The following principles are core to our employee to employee professionalism and work ethic. It is these shared principles that make us exceptional to one another.

Fundamentally, we value:

  • People who are professional.

  • People who collaborate.

  • People that respect their work.

  • People that don’t make additional work for others.

  • People that try to reduce efforts for others.

  • People who ask for help.

  • People that understand, when you help others, you help yourself.

  • People who are willing to take small steps and get feedback.

  • People who are willing to do something that is good enough for now.

  • People who are adaptable.

  • People willing to work outside their expertise.

  • People who can perform critical thinking.

  • People who are looking to grow with the team.

  • People who value culture and give a damn.

Work ethic is highly valued.

Work ethic is about showing up, being on time, being reliable, doing what you say you’re going to do, being trustworthy, putting in a fair day’s work, respecting the work, respecting the customer, respecting the organization, respecting co-workers, not wasting time, not making work hard for other people, not creating unnecessary work for other people, not being a bottleneck, not faking work. Work ethic is about being a fundamentally good person that others can count on and enjoy working with.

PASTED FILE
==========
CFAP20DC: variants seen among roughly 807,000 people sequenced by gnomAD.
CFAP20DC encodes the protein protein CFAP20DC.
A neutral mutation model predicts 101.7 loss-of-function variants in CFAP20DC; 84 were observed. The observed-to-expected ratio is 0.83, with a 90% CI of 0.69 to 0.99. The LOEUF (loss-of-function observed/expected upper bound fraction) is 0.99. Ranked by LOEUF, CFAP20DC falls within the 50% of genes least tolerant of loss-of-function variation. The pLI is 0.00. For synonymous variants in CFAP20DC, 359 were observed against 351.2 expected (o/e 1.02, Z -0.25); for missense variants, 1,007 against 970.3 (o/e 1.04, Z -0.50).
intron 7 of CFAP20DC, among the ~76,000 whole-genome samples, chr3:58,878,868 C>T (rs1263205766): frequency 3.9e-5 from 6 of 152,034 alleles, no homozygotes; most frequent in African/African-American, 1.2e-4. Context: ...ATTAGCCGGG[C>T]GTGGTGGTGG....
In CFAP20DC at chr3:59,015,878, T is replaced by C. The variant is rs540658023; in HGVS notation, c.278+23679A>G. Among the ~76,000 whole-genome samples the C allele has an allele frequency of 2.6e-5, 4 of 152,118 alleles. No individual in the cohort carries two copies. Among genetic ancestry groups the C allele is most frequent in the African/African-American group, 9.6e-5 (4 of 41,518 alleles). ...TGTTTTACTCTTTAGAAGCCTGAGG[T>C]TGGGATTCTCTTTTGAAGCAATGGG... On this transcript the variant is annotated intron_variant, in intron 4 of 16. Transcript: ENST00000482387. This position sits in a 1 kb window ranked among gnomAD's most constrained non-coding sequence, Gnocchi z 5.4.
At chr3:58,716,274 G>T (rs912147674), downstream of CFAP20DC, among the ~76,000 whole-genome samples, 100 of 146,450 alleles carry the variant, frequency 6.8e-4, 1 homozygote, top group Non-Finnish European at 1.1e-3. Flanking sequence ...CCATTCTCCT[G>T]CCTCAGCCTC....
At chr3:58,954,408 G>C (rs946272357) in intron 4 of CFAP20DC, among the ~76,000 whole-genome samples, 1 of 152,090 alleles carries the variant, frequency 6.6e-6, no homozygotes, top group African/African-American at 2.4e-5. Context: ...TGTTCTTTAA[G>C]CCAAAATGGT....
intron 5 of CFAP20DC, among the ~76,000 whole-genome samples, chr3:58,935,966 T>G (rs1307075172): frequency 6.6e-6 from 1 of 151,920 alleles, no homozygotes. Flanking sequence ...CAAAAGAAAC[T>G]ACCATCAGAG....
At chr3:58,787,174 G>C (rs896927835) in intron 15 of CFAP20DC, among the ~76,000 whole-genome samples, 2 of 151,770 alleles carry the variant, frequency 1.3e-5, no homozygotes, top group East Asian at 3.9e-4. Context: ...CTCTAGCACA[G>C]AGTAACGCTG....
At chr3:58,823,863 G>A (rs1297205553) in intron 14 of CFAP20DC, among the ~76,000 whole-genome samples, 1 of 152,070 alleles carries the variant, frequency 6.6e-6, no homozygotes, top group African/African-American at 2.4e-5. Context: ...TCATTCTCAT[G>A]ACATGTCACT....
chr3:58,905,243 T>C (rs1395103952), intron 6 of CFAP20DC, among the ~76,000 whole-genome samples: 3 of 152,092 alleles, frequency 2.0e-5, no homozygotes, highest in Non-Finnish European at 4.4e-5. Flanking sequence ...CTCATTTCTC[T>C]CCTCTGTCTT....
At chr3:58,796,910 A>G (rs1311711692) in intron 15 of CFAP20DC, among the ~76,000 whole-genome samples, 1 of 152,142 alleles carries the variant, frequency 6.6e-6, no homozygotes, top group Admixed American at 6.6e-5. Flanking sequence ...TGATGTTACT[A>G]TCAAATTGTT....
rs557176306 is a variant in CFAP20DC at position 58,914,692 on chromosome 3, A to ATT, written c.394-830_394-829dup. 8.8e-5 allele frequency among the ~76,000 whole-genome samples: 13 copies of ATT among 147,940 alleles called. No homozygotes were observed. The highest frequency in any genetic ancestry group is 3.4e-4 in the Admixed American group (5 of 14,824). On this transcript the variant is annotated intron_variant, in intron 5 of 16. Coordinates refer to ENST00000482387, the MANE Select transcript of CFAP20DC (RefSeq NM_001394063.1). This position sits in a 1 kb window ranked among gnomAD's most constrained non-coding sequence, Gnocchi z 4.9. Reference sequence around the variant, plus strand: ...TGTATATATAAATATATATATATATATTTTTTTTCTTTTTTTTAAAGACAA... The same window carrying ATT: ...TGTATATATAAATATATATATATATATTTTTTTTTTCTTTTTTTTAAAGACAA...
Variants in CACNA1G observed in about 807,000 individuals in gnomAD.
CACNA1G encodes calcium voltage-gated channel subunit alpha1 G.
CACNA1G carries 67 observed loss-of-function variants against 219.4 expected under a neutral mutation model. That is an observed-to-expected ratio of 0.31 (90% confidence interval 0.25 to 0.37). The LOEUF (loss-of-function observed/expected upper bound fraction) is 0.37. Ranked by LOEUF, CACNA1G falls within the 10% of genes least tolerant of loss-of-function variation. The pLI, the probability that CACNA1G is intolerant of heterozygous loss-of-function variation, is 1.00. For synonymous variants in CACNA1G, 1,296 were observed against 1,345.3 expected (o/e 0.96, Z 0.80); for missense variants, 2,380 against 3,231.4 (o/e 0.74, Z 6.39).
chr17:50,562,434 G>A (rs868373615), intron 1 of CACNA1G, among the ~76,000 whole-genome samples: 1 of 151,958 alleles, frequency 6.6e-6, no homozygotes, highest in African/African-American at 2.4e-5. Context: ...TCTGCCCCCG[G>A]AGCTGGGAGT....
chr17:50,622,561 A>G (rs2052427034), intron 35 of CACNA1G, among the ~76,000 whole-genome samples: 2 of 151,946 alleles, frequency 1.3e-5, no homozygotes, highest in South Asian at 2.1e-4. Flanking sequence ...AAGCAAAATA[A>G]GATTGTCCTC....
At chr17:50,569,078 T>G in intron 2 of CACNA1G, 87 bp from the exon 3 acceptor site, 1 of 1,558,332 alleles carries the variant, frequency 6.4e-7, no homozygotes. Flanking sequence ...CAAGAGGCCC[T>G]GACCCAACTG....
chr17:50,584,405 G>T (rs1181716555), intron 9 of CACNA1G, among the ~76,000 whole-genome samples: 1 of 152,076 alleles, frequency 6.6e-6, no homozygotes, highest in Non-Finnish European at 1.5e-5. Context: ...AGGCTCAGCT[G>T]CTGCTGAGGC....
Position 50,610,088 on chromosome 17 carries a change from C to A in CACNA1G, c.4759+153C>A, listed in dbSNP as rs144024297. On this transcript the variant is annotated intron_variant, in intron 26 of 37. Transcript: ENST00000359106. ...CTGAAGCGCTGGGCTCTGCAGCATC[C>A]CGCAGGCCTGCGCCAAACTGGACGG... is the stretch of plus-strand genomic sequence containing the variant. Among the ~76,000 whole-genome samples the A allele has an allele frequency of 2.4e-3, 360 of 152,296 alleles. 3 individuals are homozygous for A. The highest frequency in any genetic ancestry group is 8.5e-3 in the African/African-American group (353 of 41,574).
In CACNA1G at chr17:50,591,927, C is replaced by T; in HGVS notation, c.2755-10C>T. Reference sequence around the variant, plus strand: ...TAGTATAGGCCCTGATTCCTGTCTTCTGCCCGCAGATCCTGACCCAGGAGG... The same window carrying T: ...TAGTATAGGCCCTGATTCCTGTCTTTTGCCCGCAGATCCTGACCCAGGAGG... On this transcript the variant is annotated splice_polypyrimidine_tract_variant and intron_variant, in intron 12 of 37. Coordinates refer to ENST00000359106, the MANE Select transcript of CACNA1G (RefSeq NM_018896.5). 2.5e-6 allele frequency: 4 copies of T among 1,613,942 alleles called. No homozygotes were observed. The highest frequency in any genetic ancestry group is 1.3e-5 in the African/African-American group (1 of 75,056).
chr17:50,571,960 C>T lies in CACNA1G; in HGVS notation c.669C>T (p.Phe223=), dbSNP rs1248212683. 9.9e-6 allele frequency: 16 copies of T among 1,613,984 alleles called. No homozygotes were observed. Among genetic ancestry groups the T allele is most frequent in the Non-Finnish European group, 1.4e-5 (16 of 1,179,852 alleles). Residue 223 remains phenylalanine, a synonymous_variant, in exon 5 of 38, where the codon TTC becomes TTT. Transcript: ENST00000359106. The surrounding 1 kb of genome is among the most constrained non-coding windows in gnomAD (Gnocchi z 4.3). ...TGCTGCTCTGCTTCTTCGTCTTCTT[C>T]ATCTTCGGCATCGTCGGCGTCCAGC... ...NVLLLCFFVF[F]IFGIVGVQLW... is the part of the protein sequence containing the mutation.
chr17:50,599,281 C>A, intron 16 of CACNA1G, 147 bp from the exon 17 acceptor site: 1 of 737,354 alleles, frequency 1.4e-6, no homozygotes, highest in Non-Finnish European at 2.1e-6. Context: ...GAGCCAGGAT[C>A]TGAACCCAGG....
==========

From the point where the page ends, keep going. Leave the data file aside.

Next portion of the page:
If you want to walk fast, walk alone. If you want to walk far, walk together. -- African proverb

Don't make your colleague’s job harder than it is; try to make it easier. You should reduce the work of others as much as you can.

Culture is highly valued, and our culture is made up of our shared values, principles and strong work ethic.


  • Have Fun - You spend 1/3 of your life at work. Make it as fun as you can and turn moments into adventures!

  • Be Flexible - Departments, products, and companies usually evolve very quickly. Hang on tight, because you will need to wear different hats based on the ever-evolving product roadmap and company makeup.